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Experience and emptiness in Gary Snyder’s “Mountains and Rivers without end”

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  1. Introduction.
  2. Mountains, rivers and a Wandering Poet.
  3. Zen Buddhism and post-structural theory.
  4. Into the mountains.
  5. The grammatical structure of 'Raven's Beak River/At the End'.
  6. Conclusion.

Language orders our experience of reality. It establishes a scale of binary opposition dictating where one ends and another begins, clearly defining the relationship between what is and what isn't. This relationship grounds our notion of self and creates the framework through which we interpret and sift through the overwhelming diversity of the human experience. It is through this process of interpretation that meaning is created, that the fragments of experience are assembled to compose just who ?I? am. But according to post-structural literary theory this ?I? is arbitrary. If words are the signs upon which reality is ordered, both describing and simultaneously creating the meaning that defines our experience of being, how do we express that which is beyond language? Where do we distinguish between the experience of reality and the expression of that experience?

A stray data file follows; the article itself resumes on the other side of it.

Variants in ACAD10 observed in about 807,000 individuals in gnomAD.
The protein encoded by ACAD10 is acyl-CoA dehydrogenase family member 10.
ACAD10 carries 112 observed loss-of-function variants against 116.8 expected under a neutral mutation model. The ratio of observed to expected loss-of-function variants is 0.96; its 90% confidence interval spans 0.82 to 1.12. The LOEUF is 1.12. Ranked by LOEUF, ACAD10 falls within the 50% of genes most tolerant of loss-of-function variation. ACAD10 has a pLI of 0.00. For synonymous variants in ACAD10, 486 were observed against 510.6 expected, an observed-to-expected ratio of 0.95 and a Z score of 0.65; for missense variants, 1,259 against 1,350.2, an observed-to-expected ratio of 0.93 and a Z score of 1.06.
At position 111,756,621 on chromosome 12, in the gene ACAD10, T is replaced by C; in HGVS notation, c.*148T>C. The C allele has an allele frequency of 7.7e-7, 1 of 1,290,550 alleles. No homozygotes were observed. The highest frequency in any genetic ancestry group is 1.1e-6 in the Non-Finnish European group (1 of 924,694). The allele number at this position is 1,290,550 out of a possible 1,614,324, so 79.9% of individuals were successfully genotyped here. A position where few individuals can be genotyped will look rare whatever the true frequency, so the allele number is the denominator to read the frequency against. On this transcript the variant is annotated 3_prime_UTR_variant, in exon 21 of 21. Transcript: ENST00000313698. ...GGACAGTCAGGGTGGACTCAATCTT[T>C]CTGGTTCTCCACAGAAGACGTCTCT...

[...] And it is within this fluid and all-encompassing landscape that our journey through Gary Snyder's epic, Mountains and Rivers without End, begins. The first poem, ?Endless Streams and Mountains,? describes our experience of Streams and Mountains without End. Throughout these lines, our perception shifts. We become both the subject, viewing the painting from a distance, and the object, encompassed within and defined by the painting. Fleeting voices and images collapse the scales of difference upon which language operates. Words lead us in multiple directions creating a fluid center that embraces limitless meanings. [...]

[...] In the first section of this essay, I will introduce Gary Snyder and Mountains and Rivers without End. The second will familiarize us with the two theoretical perspectives we will use to read Mountains and Rivers without End. In the third, we will begin to through the text itself. And it is through this journey that we will observe how language can deconstruct the conventions of language, revealing not only the emptiness of words but also the emptiness of the self and the reality that self expresses. [...]

[...] Mountains and Rivers Without End. p Ibid, p Wong, Wucius. The Tao of Chinese Landscape Painting: Principles and Methods. Snyder, Gary. "Introduction." Beneath a Single Moon: Buddhism in Contemporary American Poetry. Ed. Ken Johnson and Craig Paulenich Snyder, Gary. "Introduction." Beneath a Single Moon: Buddhism in Contemporary American Poetry. Ed. Ken Johnson and Craig Paulenich. p. 1-2 Waddell, Norman, and Masao Abe, eds. The Heart of Dogen' Shobogenzo. p Nietzsche, Friedrich. "The Will to Power." Literary Theory: an Anthology. Ed. [...]

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